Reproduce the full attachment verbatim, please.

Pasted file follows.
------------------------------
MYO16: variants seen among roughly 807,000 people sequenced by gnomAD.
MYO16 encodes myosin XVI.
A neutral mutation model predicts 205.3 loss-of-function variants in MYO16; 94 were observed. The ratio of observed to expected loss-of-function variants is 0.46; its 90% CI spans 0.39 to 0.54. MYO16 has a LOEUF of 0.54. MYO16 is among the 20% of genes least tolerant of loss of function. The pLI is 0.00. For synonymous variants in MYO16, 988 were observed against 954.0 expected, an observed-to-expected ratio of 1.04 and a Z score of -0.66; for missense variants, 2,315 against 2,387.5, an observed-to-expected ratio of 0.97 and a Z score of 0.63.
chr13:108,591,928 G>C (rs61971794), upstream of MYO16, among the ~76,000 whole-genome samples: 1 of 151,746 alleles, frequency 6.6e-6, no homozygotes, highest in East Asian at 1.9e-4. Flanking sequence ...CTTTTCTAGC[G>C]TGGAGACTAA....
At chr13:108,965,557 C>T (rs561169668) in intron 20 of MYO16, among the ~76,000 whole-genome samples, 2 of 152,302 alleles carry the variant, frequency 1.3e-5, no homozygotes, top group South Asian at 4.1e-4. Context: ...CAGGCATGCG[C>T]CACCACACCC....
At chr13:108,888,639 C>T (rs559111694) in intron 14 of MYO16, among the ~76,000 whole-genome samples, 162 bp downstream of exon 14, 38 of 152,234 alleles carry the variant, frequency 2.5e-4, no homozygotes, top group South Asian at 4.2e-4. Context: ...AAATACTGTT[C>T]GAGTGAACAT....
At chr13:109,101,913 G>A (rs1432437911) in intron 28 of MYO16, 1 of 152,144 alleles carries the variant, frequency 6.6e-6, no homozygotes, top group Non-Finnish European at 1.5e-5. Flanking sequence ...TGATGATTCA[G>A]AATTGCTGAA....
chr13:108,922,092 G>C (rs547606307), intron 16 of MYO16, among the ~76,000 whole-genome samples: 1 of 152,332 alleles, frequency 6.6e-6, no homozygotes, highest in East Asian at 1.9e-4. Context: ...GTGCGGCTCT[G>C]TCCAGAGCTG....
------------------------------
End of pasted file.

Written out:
MYO16: variants seen among roughly 807,000 people sequenced by gnomAD.
MYO16 encodes myosin XVI.
A neutral mutation model predicts 205.3 loss-of-function variants in MYO16; 94 were observed. The ratio of observed to expected loss-of-function variants is 0.46; its 90% CI spans 0.39 to 0.54. MYO16 has a LOEUF of 0.54. MYO16 is among the 20% of genes least tolerant of loss of function. The pLI is 0.00. For synonymous variants in MYO16, 988 were observed against 954.0 expected, an observed-to-expected ratio of 1.04 and a Z score of -0.66; for missense variants, 2,315 against 2,387.5, an observed-to-expected ratio of 0.97 and a Z score of 0.63.
chr13:108,591,928 G>C (rs61971794), upstream of MYO16, among the ~76,000 whole-genome samples: 1 of 151,746 alleles, frequency 6.6e-6, no homozygotes, highest in East Asian at 1.9e-4. Flanking sequence ...CTTTTCTAGC[G>C]TGGAGACTAA....
At chr13:108,965,557 C>T (rs561169668) in intron 20 of MYO16, among the ~76,000 whole-genome samples, 2 of 152,302 alleles carry the variant, frequency 1.3e-5, no homozygotes, top group South Asian at 4.1e-4. Context: ...CAGGCATGCG[C>T]CACCACACCC....
At chr13:108,888,639 C>T (rs559111694) in intron 14 of MYO16, among the ~76,000 whole-genome samples, 162 bp downstream of exon 14, 38 of 152,234 alleles carry the variant, frequency 2.5e-4, no homozygotes, top group South Asian at 4.2e-4. Context: ...AAATACTGTT[C>T]GAGTGAACAT....
At chr13:109,101,913 G>A (rs1432437911) in intron 28 of MYO16, 1 of 152,144 alleles carries the variant, frequency 6.6e-6, no homozygotes, top group Non-Finnish European at 1.5e-5. Flanking sequence ...TGATGATTCA[G>A]AATTGCTGAA....
chr13:108,922,092 G>C (rs547606307), intron 16 of MYO16, among the ~76,000 whole-genome samples: 1 of 152,332 alleles, frequency 6.6e-6, no homozygotes, highest in East Asian at 1.9e-4. Context: ...GTGCGGCTCT[G>C]TCCAGAGCTG....